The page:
Several pathways play important roles in the regulation of myogenesis, whereby myogenic progenitor cells activate muscle differentiation and MyoD expression during muscle injury . The targets of Wnt/β-catenin that drive muscle differentiation are of considerable interest. Our in vitro results show that Pax7 is downstream of Wnt signaling during myoblast differentiation. It is known that miRNAs participate in multiple regulatory pathways in skeletal muscle . An in vivo miRNA report has shown that inhibition of miR-29b attenuated immobilization-induced muscle atrophy . However, we only investigated the in vitro role of miR-3475-3p, so further research is needed to investigate the in vivo role of miR-3475-3p in muscle atrophy in response to different atrophic stimuli in animal models. The in vitro results suggest that melatonin induces myoblastic differentiation and Pax7 expression through the Wnt signaling pathway. We have also shown for the first time that miR-3475-3p is negatively regulated by melatonin in myoblasts in a Pax7-dependent manner.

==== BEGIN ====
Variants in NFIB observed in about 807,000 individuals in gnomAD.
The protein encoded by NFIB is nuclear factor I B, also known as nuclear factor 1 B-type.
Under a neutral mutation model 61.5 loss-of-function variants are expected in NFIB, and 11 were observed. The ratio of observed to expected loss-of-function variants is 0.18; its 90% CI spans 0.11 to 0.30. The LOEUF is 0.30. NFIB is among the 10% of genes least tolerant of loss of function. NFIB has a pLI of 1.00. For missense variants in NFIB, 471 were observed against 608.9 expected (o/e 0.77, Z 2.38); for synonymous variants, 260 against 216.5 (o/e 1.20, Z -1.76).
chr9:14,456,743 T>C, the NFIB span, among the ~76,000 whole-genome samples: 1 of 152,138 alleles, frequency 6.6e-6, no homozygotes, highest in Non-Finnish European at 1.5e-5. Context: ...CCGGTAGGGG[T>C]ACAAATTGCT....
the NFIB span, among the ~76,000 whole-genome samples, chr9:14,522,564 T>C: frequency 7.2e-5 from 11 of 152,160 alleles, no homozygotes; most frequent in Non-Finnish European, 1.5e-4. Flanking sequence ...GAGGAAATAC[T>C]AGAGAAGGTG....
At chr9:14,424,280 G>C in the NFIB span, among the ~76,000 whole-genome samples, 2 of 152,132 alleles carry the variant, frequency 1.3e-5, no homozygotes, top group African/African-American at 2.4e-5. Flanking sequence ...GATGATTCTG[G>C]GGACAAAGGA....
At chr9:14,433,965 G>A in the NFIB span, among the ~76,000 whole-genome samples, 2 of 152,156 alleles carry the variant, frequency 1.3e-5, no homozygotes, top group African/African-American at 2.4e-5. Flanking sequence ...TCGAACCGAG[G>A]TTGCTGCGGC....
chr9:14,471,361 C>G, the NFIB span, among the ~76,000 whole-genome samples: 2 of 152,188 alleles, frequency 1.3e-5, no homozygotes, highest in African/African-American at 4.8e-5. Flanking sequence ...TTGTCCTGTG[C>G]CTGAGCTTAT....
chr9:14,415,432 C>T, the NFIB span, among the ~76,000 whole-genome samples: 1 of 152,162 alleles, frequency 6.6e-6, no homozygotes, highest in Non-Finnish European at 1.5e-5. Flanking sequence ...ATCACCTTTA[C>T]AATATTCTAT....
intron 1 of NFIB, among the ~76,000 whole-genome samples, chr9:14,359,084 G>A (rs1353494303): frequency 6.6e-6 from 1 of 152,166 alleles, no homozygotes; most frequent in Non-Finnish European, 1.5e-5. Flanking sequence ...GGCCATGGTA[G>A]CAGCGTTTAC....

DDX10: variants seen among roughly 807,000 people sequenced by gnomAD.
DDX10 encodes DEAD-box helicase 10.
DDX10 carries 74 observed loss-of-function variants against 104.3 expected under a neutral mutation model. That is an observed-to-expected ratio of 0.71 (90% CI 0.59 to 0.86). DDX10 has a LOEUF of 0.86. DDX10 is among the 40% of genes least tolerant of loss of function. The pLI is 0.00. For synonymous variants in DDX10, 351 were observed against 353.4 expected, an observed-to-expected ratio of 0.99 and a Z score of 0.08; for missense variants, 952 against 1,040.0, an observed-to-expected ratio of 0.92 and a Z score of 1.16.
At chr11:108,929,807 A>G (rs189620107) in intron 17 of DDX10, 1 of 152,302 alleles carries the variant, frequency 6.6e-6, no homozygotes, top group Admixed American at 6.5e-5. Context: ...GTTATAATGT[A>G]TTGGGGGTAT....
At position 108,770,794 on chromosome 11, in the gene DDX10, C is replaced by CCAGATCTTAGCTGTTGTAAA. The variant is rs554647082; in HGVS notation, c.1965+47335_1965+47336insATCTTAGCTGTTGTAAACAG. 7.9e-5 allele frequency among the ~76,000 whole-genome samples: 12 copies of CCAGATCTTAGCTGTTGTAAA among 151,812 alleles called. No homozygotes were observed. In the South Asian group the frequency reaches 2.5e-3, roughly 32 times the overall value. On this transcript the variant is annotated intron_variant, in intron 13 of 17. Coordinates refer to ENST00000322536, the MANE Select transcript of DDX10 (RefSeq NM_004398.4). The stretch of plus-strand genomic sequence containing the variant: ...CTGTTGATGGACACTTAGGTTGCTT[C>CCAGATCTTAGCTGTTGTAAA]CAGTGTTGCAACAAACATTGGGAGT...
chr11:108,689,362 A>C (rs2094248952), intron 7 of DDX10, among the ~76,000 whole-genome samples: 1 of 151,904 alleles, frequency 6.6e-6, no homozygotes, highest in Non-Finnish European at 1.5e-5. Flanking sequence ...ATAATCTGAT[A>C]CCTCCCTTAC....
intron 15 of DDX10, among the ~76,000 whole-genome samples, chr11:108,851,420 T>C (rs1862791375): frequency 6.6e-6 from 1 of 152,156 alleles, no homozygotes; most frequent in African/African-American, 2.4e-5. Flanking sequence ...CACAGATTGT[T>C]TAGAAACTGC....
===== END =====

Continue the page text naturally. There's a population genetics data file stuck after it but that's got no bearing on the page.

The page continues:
Skeletal muscle is characterized by regeneration in response to different types of injuries or myopathy [45, 46]. Previous studies have demonstrated that glycerol induces injury by adipocyte infiltration or deposition of collagen fibers [8, 47]. Our in vivo results demonstrate early-stage muscle dystrophy following rapid induction of muscle injury induced by glycerol treatment. IHC staining results showed that glycerol-induced muscle dystrophy significantly promoted levels of melatonin and Pax7 protein expression in TA muscle, and decreased muscle-specific differentiation markers MyHC, desmin, and Pax7 on day 7 during the early stage of muscle injury in mice. Notably, evidence from other research has shown that glycerol-induced muscle regeneration occurs during the late stage of muscle atrophy, at 14 days after glycerol injection . In our model of glycerol-induced muscle injury, rotarod and micro-CT results reveal significant muscle recovery in mice treated with oral melatonin compared with the untreated group of mice. These data suggest that melatonin may effectively rescue glycerol-induced muscle dystrophy in the early stage of injury. In addition, the role of melatonin in other muscle atrophy models, including cardiotoxin-induced muscle atrophy, aging mice and pathologic sarcopenic mice, should be further examined in future work.